• Welcome to our NSF Tribal REU Summer students Mikela Branco, Leah Shizuru and Kyle Yoshida!
  • We also welcome our C-MORE Summer Intern Hope Ushiroda-Garma, who will be a senior at Kamehameha Schools. 
L to R: Leah Shiruzu (KCC), Kyle Yoshida (Harvard CollegE), Hope Ushiroda-Garma (Kamehameha kapalama)

L to R: Leah Shiruzu (KCC), Kyle Yoshida (Harvard CollegE), Hope Ushiroda-Garma (Kamehameha kapalama)

  • Finally, a hui hou to C-MORE Scholar Akamu Jaber who is participating in the NSF Tribal REU at the University of Utah this summer. 

September 2014

August 2014

August 1: Hauʻoli Lā Hānau Alegado lab!

Weʻre 1 year old and thankful for all the help weʻve had getting up and running. Looking forward to another productive and fun year. 

Welina mai e Akamu Jaber! Akamu is a C-MORE Scholar and will be working on the weekly sampling project with Mikela and Kiana at Heʻeia Fishpond.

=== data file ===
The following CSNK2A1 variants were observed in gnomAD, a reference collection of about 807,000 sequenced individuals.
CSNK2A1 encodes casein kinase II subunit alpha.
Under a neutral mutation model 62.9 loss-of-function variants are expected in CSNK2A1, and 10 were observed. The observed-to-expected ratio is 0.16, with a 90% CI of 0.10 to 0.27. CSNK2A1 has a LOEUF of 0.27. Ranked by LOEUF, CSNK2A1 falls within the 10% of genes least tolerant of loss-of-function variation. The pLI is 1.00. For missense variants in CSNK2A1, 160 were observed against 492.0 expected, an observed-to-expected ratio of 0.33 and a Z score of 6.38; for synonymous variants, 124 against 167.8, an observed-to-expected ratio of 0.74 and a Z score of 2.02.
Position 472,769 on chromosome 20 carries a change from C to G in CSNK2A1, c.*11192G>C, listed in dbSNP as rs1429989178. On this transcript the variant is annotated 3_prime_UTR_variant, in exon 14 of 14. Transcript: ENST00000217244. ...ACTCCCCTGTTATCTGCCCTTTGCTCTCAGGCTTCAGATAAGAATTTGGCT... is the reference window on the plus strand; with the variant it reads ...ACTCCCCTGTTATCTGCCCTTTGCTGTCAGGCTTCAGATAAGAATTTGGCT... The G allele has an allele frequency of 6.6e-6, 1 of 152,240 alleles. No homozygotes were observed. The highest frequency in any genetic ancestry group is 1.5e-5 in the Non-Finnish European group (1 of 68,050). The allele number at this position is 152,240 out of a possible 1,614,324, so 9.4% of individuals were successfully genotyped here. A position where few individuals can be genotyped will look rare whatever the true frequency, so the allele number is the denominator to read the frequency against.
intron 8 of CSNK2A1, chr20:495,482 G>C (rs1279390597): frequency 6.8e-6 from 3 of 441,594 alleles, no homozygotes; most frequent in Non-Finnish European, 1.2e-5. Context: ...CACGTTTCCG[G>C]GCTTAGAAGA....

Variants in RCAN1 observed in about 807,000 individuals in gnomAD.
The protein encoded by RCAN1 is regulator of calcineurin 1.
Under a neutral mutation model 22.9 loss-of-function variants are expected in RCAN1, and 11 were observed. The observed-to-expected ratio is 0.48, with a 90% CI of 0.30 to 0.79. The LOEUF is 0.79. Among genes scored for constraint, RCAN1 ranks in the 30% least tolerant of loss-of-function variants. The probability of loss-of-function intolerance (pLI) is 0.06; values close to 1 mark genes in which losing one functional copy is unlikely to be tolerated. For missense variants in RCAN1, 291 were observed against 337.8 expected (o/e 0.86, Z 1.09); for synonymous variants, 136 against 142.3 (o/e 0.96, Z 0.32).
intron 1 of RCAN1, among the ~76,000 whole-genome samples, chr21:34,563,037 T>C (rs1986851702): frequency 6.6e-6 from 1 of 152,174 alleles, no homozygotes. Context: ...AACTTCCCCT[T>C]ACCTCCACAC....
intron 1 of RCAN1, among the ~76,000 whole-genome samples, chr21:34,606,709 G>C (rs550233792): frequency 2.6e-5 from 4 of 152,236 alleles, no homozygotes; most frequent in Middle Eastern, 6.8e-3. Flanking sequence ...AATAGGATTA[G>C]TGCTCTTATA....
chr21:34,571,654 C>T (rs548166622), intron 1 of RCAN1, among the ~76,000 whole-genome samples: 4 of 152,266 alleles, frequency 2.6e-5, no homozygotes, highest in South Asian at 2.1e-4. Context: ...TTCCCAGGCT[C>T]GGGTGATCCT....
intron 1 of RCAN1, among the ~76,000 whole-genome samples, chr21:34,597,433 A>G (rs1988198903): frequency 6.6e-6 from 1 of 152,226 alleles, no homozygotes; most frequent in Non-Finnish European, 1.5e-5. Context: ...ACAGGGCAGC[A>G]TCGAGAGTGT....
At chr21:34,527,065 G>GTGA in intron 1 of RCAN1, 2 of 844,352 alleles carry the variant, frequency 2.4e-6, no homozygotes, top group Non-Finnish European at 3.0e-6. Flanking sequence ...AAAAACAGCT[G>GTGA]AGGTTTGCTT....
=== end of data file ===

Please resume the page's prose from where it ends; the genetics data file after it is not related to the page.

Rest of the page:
Welina mai e Akamu Jaber! Akamu is a C-MORE Scholar and will be working on the weekly sampling project with Mikela and Kiana at Heʻeia Fishpond. 

A hui hou to Nakoa Farrant who is off to Harvard University! We really enjoyed having you be part of our lab! E mālama pono 

A hui hou to Nakoa Farrant who is off to Harvard University! We really enjoyed having you be part of our lab! E mālama pono 

June 2014

  • Welcome to recent Kamehameha Schools graduate Nakoa Farrant! Nakoa will be working with Mikela Branco to isolate DNA and RNA from environmental samples
  • Mangrove removal phase II commenced this month!
Photo montage: Kiana Frank

Photo montage: Kiana Frank

Over the course of the day, Native Hawaiian high school students toured C-MORE and had the opportunity to meet graduate students and post-docs actively engaged in research. Their visit culminated in a hands-on microscopy lab in which the students observed plankton collected from Heʻeia fishpond. 

Over the course of the day, Native Hawaiian high school students toured C-MORE and had the opportunity to meet graduate students and post-docs actively engaged in research. Their visit culminated in a hands-on microscopy lab in which the students observed plankton collected from Heʻeia fishpond.